Any top-biller with half a brain, after a while, will be thinking about this question.
Giving away 40-70% of your billing revenue will have you thinking at some point: can I get after this whole pie?! Why should I even split any at all...
As someone who has a. done it b. seen others try it and c. recruits recruiters so I see my fair share of who has "made it" and who hasn't, here are some nuggets of wisdom gleaned from my inside look:
1. You NEED a solid capital base/financial foundation
Goes without saying, if you run out of funds to sustain your business, you'll be crawling back to employment again.
2. You NEED a low cost of living/good financial skills
If your personal burn rate is outpacing your revenue growth and much of your income is used to pay off your cost of living, it will be really hard to turn a profit and soon you may be overburdened with mounting bills.
*Note: this is why so many top-billers don't set up their own firm. They need the structure of employment to cover their downside risk.
3. You NEED a strong business partner and/or team
If you're all by your lonesome recruiting away, life can get really burdened with too many reqs and too little time. Plus, who's going to do all the marketing, admin, operating, selling/recruiting, financial budgeting, hiring, training... etc.? YOU.
*Note: This is another reason why top-billers don't start their agencies. At 50-60% commission cuts, it's sometimes much easier to be part of a platform than starting your own.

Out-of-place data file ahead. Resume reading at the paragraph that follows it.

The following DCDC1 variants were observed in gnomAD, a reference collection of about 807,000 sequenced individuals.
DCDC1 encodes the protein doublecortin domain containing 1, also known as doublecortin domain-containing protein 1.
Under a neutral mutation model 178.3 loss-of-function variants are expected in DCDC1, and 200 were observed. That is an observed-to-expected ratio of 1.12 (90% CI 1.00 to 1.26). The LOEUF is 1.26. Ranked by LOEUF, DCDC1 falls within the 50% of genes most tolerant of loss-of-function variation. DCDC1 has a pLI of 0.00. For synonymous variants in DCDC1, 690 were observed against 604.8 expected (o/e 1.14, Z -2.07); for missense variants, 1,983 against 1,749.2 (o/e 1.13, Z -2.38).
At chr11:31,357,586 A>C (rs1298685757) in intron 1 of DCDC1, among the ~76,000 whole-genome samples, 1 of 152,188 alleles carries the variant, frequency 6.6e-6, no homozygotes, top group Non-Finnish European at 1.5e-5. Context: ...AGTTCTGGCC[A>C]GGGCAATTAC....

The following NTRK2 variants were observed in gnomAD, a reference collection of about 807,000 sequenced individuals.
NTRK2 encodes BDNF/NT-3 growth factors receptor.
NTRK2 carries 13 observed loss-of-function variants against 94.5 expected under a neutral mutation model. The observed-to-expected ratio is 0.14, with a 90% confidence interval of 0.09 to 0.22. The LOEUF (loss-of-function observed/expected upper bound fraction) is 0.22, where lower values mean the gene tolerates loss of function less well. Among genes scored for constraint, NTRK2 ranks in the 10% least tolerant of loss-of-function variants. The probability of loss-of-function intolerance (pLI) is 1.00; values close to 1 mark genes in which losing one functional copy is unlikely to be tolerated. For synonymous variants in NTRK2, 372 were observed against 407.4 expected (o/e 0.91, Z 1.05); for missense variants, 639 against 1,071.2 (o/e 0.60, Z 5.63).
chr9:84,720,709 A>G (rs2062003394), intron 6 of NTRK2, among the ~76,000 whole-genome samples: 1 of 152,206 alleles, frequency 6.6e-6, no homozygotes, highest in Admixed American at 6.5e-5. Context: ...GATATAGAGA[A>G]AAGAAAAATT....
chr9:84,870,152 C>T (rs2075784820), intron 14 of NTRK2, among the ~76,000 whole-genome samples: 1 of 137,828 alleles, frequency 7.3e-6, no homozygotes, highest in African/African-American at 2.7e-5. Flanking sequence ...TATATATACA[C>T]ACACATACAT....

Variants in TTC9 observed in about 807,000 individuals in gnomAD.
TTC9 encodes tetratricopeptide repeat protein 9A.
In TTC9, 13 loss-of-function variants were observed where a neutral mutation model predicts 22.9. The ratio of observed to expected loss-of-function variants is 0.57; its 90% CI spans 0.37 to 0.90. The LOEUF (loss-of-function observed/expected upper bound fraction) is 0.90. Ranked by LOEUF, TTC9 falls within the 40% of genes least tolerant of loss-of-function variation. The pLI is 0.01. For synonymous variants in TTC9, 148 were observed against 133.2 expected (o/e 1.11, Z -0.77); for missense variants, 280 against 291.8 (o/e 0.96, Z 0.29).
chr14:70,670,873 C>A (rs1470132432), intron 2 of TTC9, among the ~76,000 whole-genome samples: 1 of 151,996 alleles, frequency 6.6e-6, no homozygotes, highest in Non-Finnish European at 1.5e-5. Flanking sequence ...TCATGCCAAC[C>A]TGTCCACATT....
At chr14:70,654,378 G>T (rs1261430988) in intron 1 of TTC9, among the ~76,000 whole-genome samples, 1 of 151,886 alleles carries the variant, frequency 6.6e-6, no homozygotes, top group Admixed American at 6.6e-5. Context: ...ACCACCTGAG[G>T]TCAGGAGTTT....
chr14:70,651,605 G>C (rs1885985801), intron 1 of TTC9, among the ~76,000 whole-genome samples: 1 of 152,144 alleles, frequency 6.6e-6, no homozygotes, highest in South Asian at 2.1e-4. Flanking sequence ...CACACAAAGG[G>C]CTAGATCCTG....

4. You NEED to have experience
If you personally haven't sold to clients, billed a $mil personally, managed tough client accounts and negotiated hundreds of placements, can you honestly say you have enough experience to run a #recruiting firm where you're responsible for anything and everything that comes up?!
*Note: this is why my mind is boggled when a recruiter-only person or low-level biller thinks they can run a recruiting firm. That's only HALF the job...
5. You NEED to have a strategy
What's the end goal? Work til you drop? Make a few hundred thou and sail off into the sunset? What's the end game here? Why is this better than having a stable job and being a top-biller for someone else? What's your route to market? How are you going to make clients pay you?
6. You NEED to work your a$$ off
The quality of life and work-life-balance as a business owner is always going to be tough because the responsibility and mental burden is stronger than working for someone else.
Long story short:
1. Think long and hard before making perhaps the best (or worst) decision in your life.
2. Where there's a will, there's a way. What's comforting is that lesser billers have struck out to do their own thing and they're doing alright!
Just make sure you're doing the right thing for you & your life style.